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Topic Title: Graduation university, does it really make a difference?
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Created On: 11 December 2012 11:50 PM
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 11 December 2012 11:50 PM
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MatthewGent

Posts: 3
Joined: 15 November 2010

I am currently an BEng Aerospace Engineering at Sheffield Hallam University (a metropolitan university) and my work is going very well. I am currently faced with a choice.

I can either continue to do my MEng year at my current university, or move to Manchester to complete my masters at The University of Manchester (a red brick).

The problem is, due to the increase in tuition fees, attending Manchester will cost me an extra £6,000, however on my CV it shall say that I graduated from a red brick university.

I guess my question is, to all those professional engineers out there, is it worth it? Does your graduation university truely make a difference?
 12 December 2012 03:07 PM
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westonpa

Posts: 1771
Joined: 10 October 2007

If you want to work for NASA yes it does and if you want to work for the local chip shop then it does not. Basically for the very top companies it will matter but as you move down to the vast majority of companies it will matter less or else not matter at all; they will be more interested in grades and other apects about your experience, background, character, etc., as it will be the person who works for them and not the degree.

Regards.
 12 December 2012 11:32 PM
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MatthewGent

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Joined: 15 November 2010

Thanks for your reply,

I feel I should go for the University of Manchester's degree, however, would it also make a difference if the degree at Manchester is an MSc (not accredited) and the Sheffield Hallam degree is an MEng? I've heard engineers saying that becoming chartered made almost no difference to their career, is that true?

Regards,
Matthew
 13 December 2012 09:13 AM
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amillar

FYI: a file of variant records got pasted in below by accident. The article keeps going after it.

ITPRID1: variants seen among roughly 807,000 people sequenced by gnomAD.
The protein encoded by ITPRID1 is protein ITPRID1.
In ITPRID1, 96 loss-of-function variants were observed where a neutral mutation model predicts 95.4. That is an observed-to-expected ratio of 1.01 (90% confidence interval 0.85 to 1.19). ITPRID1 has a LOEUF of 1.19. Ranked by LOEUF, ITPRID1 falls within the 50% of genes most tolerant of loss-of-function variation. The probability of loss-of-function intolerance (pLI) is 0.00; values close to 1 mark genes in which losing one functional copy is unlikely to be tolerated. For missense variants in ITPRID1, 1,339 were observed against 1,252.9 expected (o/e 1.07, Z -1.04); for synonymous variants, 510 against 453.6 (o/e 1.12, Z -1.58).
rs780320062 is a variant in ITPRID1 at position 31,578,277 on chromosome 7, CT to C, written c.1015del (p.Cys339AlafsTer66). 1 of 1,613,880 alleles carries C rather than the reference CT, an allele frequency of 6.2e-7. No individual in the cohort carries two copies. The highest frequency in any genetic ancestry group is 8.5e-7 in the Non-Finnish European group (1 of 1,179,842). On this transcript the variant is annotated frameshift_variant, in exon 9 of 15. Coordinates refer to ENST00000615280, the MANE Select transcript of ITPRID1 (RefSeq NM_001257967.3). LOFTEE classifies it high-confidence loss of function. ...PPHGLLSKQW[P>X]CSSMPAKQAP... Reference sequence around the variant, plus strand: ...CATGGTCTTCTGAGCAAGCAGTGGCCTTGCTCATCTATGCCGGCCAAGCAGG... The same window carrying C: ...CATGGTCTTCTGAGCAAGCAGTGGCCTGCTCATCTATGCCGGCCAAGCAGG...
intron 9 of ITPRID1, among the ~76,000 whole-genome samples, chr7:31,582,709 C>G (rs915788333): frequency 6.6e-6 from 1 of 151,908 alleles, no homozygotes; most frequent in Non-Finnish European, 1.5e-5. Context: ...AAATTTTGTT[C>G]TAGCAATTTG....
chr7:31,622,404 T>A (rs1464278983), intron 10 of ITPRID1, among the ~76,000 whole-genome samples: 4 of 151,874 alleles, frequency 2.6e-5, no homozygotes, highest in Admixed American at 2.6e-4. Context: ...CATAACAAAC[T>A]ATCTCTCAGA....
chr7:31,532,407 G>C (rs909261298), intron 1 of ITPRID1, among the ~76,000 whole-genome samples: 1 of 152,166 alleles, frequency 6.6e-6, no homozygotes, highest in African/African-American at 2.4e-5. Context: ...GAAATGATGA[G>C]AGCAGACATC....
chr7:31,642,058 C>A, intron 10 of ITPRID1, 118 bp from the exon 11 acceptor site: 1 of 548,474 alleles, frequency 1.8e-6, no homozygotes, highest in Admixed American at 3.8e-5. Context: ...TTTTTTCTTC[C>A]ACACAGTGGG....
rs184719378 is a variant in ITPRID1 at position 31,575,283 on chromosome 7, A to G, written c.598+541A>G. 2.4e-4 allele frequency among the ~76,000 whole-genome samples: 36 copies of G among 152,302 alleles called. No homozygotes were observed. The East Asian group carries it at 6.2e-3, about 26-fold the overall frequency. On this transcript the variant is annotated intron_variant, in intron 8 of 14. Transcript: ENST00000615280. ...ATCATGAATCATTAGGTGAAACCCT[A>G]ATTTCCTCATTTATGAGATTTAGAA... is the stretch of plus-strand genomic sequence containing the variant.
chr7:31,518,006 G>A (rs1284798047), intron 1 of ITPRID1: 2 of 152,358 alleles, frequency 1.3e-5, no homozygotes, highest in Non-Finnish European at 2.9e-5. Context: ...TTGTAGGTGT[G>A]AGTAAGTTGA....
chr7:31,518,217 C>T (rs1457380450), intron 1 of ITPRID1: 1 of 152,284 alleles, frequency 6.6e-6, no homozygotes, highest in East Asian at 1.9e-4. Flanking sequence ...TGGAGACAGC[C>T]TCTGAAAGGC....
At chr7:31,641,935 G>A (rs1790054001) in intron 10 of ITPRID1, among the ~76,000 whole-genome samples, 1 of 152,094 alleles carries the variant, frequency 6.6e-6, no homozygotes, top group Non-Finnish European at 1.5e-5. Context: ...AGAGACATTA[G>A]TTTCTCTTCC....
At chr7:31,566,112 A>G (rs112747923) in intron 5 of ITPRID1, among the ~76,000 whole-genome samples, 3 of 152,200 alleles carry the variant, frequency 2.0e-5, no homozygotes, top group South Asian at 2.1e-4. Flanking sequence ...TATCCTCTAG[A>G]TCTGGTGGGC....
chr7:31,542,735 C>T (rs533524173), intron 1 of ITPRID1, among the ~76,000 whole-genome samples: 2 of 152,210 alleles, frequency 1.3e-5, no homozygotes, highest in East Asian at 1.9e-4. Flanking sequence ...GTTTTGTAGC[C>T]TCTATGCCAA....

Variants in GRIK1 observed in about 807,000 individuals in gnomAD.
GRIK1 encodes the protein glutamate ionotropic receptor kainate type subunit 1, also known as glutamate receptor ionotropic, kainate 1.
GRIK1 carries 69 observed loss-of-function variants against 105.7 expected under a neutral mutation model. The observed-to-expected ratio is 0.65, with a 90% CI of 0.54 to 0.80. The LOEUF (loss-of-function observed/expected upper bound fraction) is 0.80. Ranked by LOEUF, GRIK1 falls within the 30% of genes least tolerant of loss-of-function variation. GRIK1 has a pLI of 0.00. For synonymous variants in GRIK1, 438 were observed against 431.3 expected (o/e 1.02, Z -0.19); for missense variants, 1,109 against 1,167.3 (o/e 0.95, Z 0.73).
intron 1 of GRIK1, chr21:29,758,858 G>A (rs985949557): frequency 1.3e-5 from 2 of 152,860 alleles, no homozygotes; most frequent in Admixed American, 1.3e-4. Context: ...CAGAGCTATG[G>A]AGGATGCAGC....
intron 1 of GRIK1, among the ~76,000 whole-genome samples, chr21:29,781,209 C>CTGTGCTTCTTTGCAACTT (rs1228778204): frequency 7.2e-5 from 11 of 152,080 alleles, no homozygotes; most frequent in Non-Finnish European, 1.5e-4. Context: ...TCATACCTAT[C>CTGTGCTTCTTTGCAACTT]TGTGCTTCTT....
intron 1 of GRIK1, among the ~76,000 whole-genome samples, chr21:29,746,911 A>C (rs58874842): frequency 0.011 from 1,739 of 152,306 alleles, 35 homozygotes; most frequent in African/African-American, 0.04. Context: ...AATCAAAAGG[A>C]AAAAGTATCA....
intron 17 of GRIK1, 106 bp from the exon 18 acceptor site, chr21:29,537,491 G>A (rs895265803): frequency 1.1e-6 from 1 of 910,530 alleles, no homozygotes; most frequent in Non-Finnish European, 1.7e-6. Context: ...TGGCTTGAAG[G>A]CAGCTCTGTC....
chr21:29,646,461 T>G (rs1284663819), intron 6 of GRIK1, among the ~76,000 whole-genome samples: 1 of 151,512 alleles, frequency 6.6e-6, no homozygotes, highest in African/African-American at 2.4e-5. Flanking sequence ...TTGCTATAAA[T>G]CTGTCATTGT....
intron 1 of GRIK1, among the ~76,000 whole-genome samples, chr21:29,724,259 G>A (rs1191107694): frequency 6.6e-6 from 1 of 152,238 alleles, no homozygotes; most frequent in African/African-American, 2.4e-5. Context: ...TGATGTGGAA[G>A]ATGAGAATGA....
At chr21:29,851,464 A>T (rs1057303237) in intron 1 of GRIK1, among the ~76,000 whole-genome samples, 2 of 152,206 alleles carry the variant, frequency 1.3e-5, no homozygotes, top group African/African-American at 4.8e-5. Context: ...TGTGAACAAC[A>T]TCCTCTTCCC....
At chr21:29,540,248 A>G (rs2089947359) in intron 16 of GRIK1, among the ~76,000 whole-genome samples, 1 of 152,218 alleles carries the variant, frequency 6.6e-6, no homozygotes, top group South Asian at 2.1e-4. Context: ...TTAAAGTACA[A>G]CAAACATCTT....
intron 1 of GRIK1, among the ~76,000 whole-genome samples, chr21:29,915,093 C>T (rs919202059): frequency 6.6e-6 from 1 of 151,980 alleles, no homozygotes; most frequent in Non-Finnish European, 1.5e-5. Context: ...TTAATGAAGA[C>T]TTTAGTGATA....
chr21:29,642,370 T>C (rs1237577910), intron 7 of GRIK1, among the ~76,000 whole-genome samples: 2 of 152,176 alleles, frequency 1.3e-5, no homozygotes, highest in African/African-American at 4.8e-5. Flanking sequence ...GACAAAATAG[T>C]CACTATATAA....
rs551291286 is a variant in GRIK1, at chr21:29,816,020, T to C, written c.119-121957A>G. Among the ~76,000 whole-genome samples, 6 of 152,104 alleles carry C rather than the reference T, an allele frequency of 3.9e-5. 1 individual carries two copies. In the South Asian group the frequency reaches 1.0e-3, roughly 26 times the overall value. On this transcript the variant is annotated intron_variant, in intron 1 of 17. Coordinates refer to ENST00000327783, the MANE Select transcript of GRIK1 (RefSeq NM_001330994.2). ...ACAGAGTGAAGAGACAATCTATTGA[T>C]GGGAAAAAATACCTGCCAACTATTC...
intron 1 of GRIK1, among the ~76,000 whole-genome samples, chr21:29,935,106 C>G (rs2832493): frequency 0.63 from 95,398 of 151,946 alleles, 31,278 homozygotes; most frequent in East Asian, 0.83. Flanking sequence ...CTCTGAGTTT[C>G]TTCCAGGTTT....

Posts: 1918
Joined: 28 May 2002

You can get Chartered whether or not your degree is accredited - you just have to give a bit more evidence (and it may take a bit longer) if not. So don't worry about that.

Whether it is important or not depends on the industry you are going into. For aerospace it may be, but the way to find out is to look at the job adverts and see if it is in the list of requirements. But in practice if it is important your company will help you get it anyway.

Far more important is whether your further degree gives you knowledge and experience which will be genuinly useful to employers. Does it include any work experience? Is it purely research, or is it covering "hands on" skills? Is it going to make your knowledge narrow and detailed or broader? Is the work team based or individual? None of these are "right" or "wrong", but they will define the range of jobs you will be considered for.

Remember that academia is obsessed with academia, and the tiny distinctions between different degrees and universities. Out here in industry we neither know or care: we just want to see interview candidates who are passionate about the subject, know how to use their knowledge to solve real problems, can work well in a team, and will turn up at 9:00 and put in a hard days work. You're most likely to end up as that person if you've done a course which you enjoy with enthusiastic people around you: those are the things to look for.

And again, look at job adverts in the field you're interested in and see what degrees are being asked for. That's the best guide.

(P.S. I have never employed anyone with a Masters degree. All my design engineers - who are a world class electronics research team working in a safety-critical field - have Bachelors or (in one specialist case) PhD. I have interviewed candidates with Masters, but so far the Bachelors students have always come over better. There's nothing wrong with Masters degrees, I got one myself this year, but you need to be sure that it's what your chosen industry and career needs.)

Good luck!

-------------------------
Andy Millar CEng MIET CMgr MCMI

http://www.linkedin.com/in/millarandy